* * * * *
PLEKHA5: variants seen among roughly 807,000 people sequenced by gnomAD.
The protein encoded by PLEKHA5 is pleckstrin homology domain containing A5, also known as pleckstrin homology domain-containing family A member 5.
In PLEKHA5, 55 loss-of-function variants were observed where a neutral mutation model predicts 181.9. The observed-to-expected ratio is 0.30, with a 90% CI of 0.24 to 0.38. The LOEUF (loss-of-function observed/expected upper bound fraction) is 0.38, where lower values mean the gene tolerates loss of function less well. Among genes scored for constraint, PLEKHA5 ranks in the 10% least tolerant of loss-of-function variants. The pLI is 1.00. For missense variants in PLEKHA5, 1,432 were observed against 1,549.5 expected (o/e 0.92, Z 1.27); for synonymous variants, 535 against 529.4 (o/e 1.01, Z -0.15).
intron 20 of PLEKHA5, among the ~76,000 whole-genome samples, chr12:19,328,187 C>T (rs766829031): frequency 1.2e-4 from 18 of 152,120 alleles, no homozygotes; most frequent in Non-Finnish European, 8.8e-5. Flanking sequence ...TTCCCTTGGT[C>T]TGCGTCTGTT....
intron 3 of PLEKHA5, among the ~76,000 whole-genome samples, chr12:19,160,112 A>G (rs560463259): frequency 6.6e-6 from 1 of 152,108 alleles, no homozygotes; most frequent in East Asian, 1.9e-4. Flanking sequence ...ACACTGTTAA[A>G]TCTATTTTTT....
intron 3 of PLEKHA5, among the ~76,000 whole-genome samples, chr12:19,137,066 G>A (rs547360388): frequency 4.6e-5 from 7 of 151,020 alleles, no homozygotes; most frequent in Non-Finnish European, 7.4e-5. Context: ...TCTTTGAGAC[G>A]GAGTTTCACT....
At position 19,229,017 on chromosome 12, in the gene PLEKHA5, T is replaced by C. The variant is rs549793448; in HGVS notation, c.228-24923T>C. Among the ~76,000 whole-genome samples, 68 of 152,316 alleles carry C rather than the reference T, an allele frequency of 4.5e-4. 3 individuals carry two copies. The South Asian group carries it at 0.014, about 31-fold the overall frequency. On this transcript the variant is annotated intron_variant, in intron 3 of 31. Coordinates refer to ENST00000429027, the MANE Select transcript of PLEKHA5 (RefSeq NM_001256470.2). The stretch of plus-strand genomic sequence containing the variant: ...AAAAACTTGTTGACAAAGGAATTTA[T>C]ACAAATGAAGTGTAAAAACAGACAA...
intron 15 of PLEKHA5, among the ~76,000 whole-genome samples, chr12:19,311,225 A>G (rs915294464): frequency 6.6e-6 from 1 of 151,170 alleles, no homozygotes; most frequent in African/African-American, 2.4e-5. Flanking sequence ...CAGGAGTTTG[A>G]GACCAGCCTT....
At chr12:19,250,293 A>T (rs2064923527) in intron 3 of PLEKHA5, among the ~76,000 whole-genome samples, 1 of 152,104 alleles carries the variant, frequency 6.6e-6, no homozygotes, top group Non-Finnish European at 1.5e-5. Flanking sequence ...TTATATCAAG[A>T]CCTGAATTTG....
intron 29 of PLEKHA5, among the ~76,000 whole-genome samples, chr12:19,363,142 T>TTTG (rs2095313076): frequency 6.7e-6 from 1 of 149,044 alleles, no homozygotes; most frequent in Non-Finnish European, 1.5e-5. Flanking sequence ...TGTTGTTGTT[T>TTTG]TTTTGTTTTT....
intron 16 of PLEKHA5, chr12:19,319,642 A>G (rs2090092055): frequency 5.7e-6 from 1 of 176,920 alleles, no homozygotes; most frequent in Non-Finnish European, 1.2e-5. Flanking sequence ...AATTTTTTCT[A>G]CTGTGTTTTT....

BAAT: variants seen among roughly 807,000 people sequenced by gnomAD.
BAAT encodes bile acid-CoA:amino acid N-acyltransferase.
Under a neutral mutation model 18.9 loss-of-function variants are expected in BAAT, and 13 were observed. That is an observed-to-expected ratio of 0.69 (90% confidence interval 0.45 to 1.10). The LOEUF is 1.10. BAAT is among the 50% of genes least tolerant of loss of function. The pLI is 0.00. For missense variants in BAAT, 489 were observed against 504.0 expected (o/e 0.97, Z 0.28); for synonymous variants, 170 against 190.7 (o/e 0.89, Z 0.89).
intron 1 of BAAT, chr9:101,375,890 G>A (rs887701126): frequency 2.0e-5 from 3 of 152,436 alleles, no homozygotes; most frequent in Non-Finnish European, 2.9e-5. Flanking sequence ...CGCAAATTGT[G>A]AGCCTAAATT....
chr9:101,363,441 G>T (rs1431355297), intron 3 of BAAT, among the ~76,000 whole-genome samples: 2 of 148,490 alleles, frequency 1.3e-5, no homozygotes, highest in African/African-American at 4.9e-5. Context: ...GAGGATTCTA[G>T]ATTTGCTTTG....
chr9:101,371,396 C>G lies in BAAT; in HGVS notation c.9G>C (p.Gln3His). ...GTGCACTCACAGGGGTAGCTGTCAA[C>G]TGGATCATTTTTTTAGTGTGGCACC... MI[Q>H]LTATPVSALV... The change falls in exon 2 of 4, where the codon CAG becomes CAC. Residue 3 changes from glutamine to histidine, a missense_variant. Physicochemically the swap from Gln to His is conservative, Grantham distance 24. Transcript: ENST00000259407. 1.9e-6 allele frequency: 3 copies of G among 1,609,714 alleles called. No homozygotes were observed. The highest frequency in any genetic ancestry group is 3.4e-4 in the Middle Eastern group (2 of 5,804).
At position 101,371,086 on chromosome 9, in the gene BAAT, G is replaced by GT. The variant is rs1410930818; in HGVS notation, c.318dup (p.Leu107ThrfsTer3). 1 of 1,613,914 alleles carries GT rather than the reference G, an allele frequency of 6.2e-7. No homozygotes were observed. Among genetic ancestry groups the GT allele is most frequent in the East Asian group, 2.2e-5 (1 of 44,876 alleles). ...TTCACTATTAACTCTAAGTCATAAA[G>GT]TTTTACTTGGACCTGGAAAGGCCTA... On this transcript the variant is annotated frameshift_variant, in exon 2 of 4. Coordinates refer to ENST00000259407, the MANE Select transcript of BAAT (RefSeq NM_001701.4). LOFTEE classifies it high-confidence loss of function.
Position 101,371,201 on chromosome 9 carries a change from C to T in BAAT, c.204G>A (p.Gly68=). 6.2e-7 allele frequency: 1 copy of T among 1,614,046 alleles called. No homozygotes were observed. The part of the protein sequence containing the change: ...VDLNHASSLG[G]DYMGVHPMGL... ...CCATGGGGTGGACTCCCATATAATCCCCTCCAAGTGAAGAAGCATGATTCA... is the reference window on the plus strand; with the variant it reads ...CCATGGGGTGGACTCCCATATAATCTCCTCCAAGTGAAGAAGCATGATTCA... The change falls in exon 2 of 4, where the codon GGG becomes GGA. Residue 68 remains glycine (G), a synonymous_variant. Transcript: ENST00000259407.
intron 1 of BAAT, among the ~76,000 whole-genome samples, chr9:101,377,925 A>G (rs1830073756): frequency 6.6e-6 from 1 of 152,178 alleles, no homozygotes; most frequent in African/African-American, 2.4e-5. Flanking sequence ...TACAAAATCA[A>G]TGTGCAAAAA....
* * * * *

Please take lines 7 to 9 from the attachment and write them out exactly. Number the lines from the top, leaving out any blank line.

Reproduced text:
At position 19,229,017 on chromosome 12, in the gene PLEKHA5, T is replaced by C. The variant is rs549793448; in HGVS notation, c.228-24923T>C. Among the ~76,000 whole-genome samples, 68 of 152,316 alleles carry C rather than the reference T, an allele frequency of 4.5e-4. 3 individuals carry two copies. The South Asian group carries it at 0.014, about 31-fold the overall frequency. On this transcript the variant is annotated intron_variant, in intron 3 of 31. Coordinates refer to ENST00000429027, the MANE Select transcript of PLEKHA5 (RefSeq NM_001256470.2). The stretch of plus-strand genomic sequence containing the variant: ...AAAAACTTGTTGACAAAGGAATTTA[T>C]ACAAATGAAGTGTAAAAACAGACAA...
intron 15 of PLEKHA5, among the ~76,000 whole-genome samples, chr12:19,311,225 A>G (rs915294464): frequency 6.6e-6 from 1 of 151,170 alleles, no homozygotes; most frequent in African/African-American, 2.4e-5. Flanking sequence ...CAGGAGTTTG[A>G]GACCAGCCTT....
At chr12:19,250,293 A>T (rs2064923527) in intron 3 of PLEKHA5, among the ~76,000 whole-genome samples, 1 of 152,104 alleles carries the variant, frequency 6.6e-6, no homozygotes, top group Non-Finnish European at 1.5e-5. Flanking sequence ...TTATATCAAG[A>T]CCTGAATTTG....